This week marks the final countdown for the team of royal chefs and staff at Windsor Castle, who are meticulously preparing a lavish evening for hundreds of guests at Prince Harry and Meghan Markle’s wedding on Saturday.
Interested in Royal Family?Add Royal Family as an interest to stay up to date on the latest Royal Family news, video, and analysis from ABC News.
Six hundred people are invited to the wedding ceremony, and Queen Elizabeth will host a daytime reception at St George’s Hall at the Castle.
The team of around 30 royal chefs, led by Mark Flanagan, are already busy in the kitchens at Windsor.
He talked to Sky News about how his staff is preparing for the big event.
“We’re breaking into smaller teams, getting all the asparagus peeled, the vegetables prepared, that sort of thing in advance. So on the actual day it’s just the minimal amount of cooking and maximum amount of presentation time,” he explained.
The royal couple have also been heavily involved in the planning of the event.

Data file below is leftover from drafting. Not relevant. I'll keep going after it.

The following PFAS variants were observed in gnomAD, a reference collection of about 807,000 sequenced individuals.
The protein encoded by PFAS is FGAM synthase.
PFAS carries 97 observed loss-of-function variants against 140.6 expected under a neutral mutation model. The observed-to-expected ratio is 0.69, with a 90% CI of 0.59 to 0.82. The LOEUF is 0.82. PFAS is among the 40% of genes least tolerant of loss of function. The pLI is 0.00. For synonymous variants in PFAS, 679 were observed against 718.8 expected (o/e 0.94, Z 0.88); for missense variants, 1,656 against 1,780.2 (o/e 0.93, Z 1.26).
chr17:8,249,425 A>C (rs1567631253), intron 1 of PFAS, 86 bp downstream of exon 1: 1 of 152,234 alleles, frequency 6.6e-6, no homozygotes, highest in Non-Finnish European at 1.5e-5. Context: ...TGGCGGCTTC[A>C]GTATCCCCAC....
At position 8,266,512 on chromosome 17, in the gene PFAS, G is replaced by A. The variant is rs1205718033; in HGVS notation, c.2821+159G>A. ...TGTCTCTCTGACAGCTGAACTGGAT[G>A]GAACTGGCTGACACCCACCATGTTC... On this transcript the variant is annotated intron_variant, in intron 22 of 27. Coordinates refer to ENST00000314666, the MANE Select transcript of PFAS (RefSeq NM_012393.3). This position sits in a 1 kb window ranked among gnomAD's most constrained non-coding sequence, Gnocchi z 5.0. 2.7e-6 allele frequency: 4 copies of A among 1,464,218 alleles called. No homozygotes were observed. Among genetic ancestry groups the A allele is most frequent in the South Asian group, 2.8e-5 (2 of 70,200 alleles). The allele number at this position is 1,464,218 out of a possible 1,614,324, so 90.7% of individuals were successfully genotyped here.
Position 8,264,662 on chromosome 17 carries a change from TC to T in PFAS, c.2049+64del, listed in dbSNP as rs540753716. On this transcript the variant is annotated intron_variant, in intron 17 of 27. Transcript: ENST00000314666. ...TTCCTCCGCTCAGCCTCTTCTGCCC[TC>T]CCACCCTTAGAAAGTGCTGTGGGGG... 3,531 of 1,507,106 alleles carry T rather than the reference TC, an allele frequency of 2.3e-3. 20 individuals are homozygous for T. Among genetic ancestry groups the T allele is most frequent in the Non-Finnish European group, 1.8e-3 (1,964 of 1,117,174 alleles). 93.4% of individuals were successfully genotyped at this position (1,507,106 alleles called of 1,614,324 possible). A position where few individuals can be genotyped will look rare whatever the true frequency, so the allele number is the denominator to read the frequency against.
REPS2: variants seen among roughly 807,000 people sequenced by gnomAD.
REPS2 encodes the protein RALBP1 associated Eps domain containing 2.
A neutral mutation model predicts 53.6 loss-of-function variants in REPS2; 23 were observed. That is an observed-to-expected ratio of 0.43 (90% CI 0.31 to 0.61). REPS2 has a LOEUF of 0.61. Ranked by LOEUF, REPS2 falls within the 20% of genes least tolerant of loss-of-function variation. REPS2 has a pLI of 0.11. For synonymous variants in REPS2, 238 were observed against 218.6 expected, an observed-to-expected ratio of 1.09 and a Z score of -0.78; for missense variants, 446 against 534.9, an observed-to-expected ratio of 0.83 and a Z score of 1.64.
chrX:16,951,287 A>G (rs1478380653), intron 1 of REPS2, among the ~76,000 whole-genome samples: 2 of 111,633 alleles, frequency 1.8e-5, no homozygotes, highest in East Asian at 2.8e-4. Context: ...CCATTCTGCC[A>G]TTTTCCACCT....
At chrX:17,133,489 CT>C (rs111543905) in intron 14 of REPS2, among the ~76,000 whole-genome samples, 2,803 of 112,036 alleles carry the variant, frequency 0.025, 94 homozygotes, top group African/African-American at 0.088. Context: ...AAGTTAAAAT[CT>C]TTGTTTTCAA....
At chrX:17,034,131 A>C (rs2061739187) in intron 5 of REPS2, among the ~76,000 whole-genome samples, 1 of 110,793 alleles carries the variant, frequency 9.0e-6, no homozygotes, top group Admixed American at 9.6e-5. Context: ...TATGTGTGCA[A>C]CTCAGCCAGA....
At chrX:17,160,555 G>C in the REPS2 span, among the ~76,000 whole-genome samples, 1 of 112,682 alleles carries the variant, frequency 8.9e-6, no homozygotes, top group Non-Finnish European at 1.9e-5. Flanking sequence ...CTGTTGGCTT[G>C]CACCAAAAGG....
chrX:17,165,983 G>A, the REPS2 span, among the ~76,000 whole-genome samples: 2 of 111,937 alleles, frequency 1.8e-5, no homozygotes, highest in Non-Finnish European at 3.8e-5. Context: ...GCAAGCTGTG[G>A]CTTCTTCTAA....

“They’ve tasted everything, they’ve been involved in every detail. We’ve been really fortunate with the date of the wedding…all the British vegetables are just coming into season. The couple wanted us to make sure that we used all of the local, seasonal produce as much as possible throughout their menu,” he said.
Added pastry chef Selwyn Stoby: “You don’t get many opportunities in your lifetime to do a royal wedding so this is very very special. The care, the attention, the details and everything - it really is very exciting.”
The kitchens at Windsor Castle are thought to be the oldest working kitchens in the country, with a history stretching back to the 14th Century and the reign of Edward III.
More than 30 monarchs later, they continue to serve the royal family under Queen Elizabeth II.
Following the wedding ceremony, a more intimate evening dinner, hosted by Prince Charles, will take place at the nearby Frogmore House, with a different catering company providing the menu.